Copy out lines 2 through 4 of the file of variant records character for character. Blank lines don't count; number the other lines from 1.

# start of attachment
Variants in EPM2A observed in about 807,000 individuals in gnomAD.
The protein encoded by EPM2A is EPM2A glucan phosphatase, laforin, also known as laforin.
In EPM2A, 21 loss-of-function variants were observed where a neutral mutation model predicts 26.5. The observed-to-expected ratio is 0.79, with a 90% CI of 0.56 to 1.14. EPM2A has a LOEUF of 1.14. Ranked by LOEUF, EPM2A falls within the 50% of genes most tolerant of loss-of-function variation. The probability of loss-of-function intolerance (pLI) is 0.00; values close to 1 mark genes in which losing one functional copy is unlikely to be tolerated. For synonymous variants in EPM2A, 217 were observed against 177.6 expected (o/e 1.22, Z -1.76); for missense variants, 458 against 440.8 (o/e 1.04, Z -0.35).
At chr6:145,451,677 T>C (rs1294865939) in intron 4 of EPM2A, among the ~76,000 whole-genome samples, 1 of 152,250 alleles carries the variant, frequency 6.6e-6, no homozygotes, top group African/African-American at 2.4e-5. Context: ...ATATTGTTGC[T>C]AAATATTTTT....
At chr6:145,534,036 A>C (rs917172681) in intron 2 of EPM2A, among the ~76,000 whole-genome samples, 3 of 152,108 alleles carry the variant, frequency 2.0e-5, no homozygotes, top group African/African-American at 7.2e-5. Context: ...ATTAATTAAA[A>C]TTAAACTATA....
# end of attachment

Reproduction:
The protein encoded by EPM2A is EPM2A glucan phosphatase, laforin, also known as laforin.
In EPM2A, 21 loss-of-function variants were observed where a neutral mutation model predicts 26.5. The observed-to-expected ratio is 0.79, with a 90% CI of 0.56 to 1.14. EPM2A has a LOEUF of 1.14. Ranked by LOEUF, EPM2A falls within the 50% of genes most tolerant of loss-of-function variation. The probability of loss-of-function intolerance (pLI) is 0.00; values close to 1 mark genes in which losing one functional copy is unlikely to be tolerated. For synonymous variants in EPM2A, 217 were observed against 177.6 expected (o/e 1.22, Z -1.76); for missense variants, 458 against 440.8 (o/e 1.04, Z -0.35).
At chr6:145,451,677 T>C (rs1294865939) in intron 4 of EPM2A, among the ~76,000 whole-genome samples, 1 of 152,250 alleles carries the variant, frequency 6.6e-6, no homozygotes, top group African/African-American at 2.4e-5. Context: ...ATATTGTTGC[T>C]AAATATTTTT....